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  33.  4
    P. Needham (2000). What is Water? Analysis 60 (1):13-21.
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  34. Paul Needham (1996). Substitution: Duhem's Explication of a Chemical Paradigm. Perspectives on Science 4:408-433.
     
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  35.  14
    Paul Needham (1996). Macroscopic Objects: An Exercise in Duhemian Ontology. Philosophy of Science 63 (2):205-224.
    Aristotelian ideas are presented in a favorable light in Duhem's historical works surveying the history of the notion of chemical combination (1902) and the development of mechanics (1903). The importance Duhem was later to ascribe to Aristotelian ideas as reflected in the weight he attached to medieval science is well known. But the Aristotelian influence on his own mature philosophical perspective, and more particularly on his concern for logical coherence and the development of his ontological views, is not generally acknowledged. (...)
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  36.  27
    Paul Needham (1993). Stuff. Australasian Journal of Philosophy 71 (3):270 – 290.
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  37.  40
    Michael Weisberg, Paul Needham & Robin Hendry, Philosophy of Chemistry. Stanford Encyclopedia of Philosophy.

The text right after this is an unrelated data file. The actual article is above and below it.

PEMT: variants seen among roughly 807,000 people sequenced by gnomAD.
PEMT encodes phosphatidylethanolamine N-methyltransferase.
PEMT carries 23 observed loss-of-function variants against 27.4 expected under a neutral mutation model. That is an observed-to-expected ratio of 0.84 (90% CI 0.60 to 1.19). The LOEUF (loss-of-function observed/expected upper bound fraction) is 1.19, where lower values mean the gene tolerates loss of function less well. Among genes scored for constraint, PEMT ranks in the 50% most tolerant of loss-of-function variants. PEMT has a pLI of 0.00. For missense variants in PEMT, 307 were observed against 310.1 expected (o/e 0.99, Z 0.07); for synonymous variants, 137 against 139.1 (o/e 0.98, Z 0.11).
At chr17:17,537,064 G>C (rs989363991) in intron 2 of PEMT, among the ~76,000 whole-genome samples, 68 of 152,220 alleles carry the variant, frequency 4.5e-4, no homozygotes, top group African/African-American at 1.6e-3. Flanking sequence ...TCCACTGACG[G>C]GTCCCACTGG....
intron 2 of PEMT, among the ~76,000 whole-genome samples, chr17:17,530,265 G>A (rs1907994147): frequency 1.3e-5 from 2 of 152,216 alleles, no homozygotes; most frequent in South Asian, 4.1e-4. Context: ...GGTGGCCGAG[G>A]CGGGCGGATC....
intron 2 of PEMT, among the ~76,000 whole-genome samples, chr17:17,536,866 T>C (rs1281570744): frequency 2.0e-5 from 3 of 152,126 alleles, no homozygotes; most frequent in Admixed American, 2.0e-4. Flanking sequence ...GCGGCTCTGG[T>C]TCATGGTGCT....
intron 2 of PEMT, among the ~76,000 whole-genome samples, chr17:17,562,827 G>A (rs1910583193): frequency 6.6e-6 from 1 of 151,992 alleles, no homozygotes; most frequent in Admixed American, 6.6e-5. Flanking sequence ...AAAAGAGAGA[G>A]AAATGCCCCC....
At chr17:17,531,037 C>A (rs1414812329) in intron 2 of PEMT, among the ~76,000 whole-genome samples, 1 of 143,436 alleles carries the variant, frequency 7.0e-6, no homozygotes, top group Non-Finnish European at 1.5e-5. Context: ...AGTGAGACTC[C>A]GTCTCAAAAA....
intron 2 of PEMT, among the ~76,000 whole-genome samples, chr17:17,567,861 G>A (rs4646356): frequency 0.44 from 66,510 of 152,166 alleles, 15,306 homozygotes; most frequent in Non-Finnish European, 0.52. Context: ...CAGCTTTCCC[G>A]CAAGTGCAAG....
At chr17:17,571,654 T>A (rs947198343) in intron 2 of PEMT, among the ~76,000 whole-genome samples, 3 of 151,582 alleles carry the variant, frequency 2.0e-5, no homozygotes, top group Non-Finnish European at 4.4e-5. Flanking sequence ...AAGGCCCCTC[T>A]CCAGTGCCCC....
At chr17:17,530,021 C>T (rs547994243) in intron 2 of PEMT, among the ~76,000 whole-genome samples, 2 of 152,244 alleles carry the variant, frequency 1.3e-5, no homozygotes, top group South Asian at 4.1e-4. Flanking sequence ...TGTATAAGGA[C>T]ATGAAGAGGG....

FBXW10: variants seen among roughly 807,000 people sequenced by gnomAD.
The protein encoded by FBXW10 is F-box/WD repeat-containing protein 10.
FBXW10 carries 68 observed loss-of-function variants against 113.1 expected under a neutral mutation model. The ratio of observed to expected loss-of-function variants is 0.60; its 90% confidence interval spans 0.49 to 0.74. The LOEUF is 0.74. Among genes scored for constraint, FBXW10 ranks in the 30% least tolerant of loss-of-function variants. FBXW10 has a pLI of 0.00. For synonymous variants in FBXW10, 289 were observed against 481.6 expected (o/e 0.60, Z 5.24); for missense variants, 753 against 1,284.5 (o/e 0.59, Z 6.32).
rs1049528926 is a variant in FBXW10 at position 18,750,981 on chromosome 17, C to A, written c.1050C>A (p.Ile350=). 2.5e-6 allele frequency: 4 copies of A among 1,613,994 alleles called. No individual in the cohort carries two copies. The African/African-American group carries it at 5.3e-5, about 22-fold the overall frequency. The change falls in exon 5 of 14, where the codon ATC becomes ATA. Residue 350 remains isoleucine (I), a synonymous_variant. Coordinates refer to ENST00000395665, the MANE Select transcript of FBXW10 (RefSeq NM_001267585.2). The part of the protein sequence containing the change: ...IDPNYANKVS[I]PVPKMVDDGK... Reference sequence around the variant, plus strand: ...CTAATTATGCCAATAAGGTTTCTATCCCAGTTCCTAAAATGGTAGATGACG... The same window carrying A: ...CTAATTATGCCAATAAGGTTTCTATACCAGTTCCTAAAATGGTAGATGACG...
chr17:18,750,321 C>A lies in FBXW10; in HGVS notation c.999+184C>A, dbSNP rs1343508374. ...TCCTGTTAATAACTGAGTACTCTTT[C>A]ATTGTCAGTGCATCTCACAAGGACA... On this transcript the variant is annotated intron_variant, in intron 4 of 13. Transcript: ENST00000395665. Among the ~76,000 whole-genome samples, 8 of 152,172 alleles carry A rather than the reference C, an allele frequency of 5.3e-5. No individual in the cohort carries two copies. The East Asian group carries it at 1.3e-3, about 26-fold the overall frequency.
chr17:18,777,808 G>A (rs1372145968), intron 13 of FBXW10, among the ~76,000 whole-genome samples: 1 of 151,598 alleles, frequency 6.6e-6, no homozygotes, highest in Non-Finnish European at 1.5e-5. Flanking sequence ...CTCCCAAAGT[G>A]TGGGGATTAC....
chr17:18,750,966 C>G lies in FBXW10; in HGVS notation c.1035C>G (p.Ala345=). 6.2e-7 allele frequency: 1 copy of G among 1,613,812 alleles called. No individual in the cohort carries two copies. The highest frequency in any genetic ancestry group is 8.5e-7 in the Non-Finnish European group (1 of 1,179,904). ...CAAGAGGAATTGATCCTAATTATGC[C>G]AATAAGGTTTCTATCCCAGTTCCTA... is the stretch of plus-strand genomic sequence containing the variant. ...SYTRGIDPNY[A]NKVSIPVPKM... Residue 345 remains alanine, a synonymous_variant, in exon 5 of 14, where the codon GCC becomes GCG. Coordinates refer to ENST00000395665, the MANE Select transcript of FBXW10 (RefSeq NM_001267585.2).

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  38.  16
    P. Needham (1996). Aristotelian Chemistry: A Prelude to Duhemian Metaphysics. Studies in History and Philosophy of Science Part A 27 (2):251-269.
    In 1904 Joachim published an influential paper dealing with 'Aristotle's Conception of Chemical Combination' which has provided the basis of much more recent studies. About the same time, Duhem developed what he regarded as an essentially Aristotelian view of chemistry, based on his understanding of phenomenological thermodynamics. He does not present a detailed textual analysis, but rather emphasises certain general ideas. Joachim's classic paper contains obscurities which I have been unable to fathom and theses which do not seem to be (...)
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  39.  38
    Michael Weisberg & Paul Needham (2010). Matter, Structure, and Change: Aspects of the Philosophy of Chemistry. Philosophy Compass 5 (10):927-937.
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  40.  7
    Paul Needham (1988). Causation: Relation or Connective? Dialectica 42 (3):201-220.
    SummaryDavidson's account of singular causal statements as expressing relations between events together with his views on event identity lead to inferences involving causal statements which many of his critics find counterintuitive. These are sometimes said to be avoided on Kim's view of events, in terms of which this line of criticism is often formulated. It is argued that neither Davidson nor Kim offer a satisfactory account of events — an essential prerequisit for the relational theory — and an account of (...)